Gift Guide: Prince
Sign o’ the Times (Super Deluxe Edition) (Warner Bros.)
"Just trip," instructs Prince, live in studio on "Power Fantastic," one of 63 previously unreleased tracks on this 8-CD goliath. "There are no mistakes this time."
As a maelstrom of hi-hat crashes, flute-fluttered dissonance, and trumpet squawks simmer to near silence, cue the melancholic piano. Bottling the manic, magic synergy of Prince & the Revolution, the song's slow downcast also foretells the group's oncoming breakup. Even in their dissolution, Prince Rogers Nelson (1958-2016) walked on clouds in Sign o' the Times.
Ninth studio album and the most expansive release of his primetime, the 1987 double-length disc now becomes a new millennial X-ray into the Purple One's free-fall creative process. Like an oracle, the Minneapolis dynamo rips the shroud off Reagan disillusionment and nuclear terror in the opening title track to 16 asteroids of surrealist pop. Robo-synth "The Ballad of Dorothy Parker" teases a P-funked "Housequake" into the drum-machine zigzag of "It." The bandleader's six-string-saturated "U Got the Look" then blows hair back to Indian psychedelia "The Cross" and morning-sexed closer "Adore."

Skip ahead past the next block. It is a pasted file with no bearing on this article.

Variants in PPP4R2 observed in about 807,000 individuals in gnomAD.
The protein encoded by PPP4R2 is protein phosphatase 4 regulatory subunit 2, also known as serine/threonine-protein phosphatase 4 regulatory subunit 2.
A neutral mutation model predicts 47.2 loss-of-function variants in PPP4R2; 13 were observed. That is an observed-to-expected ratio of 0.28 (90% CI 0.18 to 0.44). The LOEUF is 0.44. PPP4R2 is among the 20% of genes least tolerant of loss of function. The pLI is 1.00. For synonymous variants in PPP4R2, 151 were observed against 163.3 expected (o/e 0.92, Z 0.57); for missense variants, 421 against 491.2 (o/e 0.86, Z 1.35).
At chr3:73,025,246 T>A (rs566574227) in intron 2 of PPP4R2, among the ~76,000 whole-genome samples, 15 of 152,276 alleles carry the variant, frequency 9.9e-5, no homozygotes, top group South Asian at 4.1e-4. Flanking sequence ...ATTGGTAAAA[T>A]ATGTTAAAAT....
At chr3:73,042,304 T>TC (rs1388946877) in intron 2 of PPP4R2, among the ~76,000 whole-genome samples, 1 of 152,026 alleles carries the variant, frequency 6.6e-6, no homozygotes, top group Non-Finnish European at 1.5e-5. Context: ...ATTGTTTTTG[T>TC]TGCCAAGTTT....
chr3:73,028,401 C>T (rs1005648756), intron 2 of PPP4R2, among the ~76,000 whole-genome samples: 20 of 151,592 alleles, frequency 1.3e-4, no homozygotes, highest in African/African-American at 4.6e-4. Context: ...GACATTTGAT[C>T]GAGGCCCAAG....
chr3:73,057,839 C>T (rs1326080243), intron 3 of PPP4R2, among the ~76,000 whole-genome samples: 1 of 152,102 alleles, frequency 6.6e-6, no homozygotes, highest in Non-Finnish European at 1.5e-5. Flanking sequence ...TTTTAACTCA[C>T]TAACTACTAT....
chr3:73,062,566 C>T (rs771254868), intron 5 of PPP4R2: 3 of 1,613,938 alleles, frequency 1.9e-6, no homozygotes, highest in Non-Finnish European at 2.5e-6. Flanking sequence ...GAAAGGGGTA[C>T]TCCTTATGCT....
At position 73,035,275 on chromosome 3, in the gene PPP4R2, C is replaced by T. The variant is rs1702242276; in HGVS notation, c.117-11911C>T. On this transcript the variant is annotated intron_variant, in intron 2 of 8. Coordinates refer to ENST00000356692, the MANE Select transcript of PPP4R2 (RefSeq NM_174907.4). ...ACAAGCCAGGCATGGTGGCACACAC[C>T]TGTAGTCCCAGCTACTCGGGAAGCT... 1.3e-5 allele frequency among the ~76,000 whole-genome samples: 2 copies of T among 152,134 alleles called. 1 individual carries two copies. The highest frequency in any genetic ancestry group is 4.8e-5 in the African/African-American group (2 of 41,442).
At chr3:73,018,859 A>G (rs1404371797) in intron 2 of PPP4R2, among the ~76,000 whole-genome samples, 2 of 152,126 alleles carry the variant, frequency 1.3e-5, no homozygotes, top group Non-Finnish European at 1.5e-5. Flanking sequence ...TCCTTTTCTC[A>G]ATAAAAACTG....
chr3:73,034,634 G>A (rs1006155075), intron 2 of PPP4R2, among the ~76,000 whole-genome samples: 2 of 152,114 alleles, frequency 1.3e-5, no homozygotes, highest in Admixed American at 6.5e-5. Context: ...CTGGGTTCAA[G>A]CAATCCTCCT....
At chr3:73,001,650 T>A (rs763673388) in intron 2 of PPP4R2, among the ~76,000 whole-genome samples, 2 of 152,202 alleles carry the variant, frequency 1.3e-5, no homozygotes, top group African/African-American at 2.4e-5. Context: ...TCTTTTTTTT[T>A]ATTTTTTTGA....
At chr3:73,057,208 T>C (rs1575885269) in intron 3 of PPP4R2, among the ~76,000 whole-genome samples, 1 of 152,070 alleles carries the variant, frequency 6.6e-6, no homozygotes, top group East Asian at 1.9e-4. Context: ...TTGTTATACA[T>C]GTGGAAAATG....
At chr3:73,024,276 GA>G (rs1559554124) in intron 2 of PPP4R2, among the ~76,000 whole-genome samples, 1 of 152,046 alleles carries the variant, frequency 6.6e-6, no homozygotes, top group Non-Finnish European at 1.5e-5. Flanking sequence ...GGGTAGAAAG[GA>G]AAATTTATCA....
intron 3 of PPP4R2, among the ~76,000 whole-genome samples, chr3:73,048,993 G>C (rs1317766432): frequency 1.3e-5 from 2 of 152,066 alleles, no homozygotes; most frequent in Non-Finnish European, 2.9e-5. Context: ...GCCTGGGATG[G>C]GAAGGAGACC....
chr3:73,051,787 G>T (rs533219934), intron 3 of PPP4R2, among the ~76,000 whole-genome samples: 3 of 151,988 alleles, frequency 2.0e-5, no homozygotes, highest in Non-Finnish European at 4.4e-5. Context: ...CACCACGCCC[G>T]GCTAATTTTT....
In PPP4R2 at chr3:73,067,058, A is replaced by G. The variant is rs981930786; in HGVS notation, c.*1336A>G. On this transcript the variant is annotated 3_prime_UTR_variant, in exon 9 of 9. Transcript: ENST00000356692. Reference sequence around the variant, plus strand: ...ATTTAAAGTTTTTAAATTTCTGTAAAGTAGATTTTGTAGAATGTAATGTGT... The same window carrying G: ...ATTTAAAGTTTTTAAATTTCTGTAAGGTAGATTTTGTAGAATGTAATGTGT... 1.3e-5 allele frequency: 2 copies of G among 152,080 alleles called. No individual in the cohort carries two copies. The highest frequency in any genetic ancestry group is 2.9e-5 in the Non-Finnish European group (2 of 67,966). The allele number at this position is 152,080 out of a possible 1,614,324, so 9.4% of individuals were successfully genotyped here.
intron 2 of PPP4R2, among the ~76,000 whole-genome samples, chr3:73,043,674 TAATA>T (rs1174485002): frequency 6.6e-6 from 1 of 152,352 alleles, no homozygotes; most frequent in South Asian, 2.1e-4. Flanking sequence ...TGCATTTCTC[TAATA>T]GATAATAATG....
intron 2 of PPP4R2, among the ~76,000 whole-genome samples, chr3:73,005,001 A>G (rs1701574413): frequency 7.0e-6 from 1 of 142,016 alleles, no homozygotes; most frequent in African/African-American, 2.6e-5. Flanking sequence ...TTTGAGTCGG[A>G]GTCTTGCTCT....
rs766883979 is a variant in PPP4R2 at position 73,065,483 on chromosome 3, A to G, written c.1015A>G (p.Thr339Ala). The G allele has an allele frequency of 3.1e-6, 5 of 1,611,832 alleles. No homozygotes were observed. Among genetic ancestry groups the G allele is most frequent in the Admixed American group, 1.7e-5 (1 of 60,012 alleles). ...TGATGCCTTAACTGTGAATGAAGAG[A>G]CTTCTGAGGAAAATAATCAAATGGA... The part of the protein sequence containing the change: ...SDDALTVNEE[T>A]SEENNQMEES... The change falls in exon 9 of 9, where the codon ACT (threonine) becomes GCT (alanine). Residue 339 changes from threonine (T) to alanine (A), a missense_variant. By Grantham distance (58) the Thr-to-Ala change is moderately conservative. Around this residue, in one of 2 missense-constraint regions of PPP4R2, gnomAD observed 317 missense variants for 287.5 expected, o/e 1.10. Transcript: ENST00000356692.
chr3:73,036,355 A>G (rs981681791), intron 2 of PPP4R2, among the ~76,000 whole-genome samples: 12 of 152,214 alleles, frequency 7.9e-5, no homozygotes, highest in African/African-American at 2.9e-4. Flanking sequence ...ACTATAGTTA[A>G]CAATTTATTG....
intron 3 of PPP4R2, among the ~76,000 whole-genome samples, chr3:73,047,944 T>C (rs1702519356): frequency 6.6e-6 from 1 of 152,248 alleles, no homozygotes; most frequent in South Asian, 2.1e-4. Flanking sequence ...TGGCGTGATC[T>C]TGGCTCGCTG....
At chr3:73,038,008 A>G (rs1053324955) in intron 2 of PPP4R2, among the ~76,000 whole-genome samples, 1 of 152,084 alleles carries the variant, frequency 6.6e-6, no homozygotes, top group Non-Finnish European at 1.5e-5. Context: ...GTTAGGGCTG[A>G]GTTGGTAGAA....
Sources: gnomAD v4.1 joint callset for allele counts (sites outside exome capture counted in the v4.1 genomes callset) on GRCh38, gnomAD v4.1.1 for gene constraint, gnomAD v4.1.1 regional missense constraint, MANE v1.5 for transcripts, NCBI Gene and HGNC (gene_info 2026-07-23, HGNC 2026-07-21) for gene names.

That only leaves new 45 studio grabs, a live recording from the album tour stop in the Netherlands, a DVD with an unreleased 1987 New Year's Eve benefit concert at Paisley Park featuring his only onstage collaboration with Davis, and a 120-page hardcover book.
Tale of the tape: "Can I Play With U?" showcases Prince's mastery over nearly every instrument under the sun, making Davis' inclusion seem more like an afterthought. On a 14-minute alternate take of "It's Gonna Be a Beautiful Night," its author hollers commands like "confusion" and "on the one" in total musical omnipresence. That maximalist range traverses 12-minute opus "Soul Psychodelicide," slinky bass strut "Crystal Ball," and free-form big-band jazz twofer "In a Large Room With No Light" and the James Brownian "Blanche."
As a posthumous, super deluxe deepest dive, Sign o' the Times spans the scope of Prince's transcendence.